R spider: a network-based analysis of gene lists by
combining signaling and metabolic pathways from
Reactome and KEGG databases
Alexey V. Antonov1,*, Esther E. Schmidt2, Sabine Dietmann1, Maria Krestyaninova2and
1Helmholtz Zentrum Mu ¨nchen - German Research Center for Environmental Health (GmbH), Institute for
Bioinformatics and Systems Biology, Ingolsta ¨dter Landstraße 1, D-85764 Neuherberg, Germany and
2European Bioinformatics Institute, Wellcome Trust Genome Campus, Hinxton, Cambridge CB10 1SD, UK
Received January 29, 2010; Revised April 26, 2010; Accepted May 14, 2010
R spider is a web-based tool for the analysis of a
gene list using the systematic knowledge of core
accumulated in the Reactome and KEGG databases.
R spider implements a network-based statistical
framework, which provides a global understanding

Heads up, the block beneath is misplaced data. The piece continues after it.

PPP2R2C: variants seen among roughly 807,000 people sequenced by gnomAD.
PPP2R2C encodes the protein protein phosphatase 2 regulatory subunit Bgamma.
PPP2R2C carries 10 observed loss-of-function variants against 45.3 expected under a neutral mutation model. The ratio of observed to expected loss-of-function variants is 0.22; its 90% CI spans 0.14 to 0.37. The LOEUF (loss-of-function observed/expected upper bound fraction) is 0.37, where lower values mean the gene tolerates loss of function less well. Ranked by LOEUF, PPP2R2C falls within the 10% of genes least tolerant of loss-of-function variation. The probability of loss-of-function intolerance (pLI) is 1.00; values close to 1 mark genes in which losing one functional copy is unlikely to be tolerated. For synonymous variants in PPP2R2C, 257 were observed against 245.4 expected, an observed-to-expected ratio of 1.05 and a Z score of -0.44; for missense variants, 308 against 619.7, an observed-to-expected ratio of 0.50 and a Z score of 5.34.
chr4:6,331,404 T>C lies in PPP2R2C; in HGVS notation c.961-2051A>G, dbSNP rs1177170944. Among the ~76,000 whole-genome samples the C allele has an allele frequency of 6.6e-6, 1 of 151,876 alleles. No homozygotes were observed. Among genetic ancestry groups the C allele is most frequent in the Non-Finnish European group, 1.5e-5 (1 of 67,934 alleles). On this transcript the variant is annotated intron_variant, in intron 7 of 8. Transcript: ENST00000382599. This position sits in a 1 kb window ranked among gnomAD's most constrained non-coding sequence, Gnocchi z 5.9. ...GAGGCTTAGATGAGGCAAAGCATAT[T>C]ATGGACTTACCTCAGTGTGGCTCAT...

of gene relations in the supplied gene list, and fully
exploits the Reactome and KEGG knowledge bases.
R spider provides a user-friendly dialog-driven web
interface for several model organisms and supports
most available gene identifiers. R spider is freely
High-throughput technologies enable biological research-
ers to study hundreds or thousands of genes simultaneous-
ly. Genes or proteins are detected that are differentially
expressed or co-expressed across varying cellular condi-
underlying biological mechanisms based on experimental-
ly derived gene/protein lists remains a non-trivial task for
biologists. In 2002, a computerized analysis approach
using the Gene Ontology (GO) was proposed to deal
with this issue (1,2). Currently, there are over 25 tools
performing this type of analysis with some variations
(3–13). More recently, computational methods seek to in-
terpret or at least visualize the pathway context of the
experimentally derived genes (14–17). In this respect, one
recently in (17,18) which goes beyond gene pairs and
fully captures the topology of signaling pathways by
propagating the perturbations measured at gene levels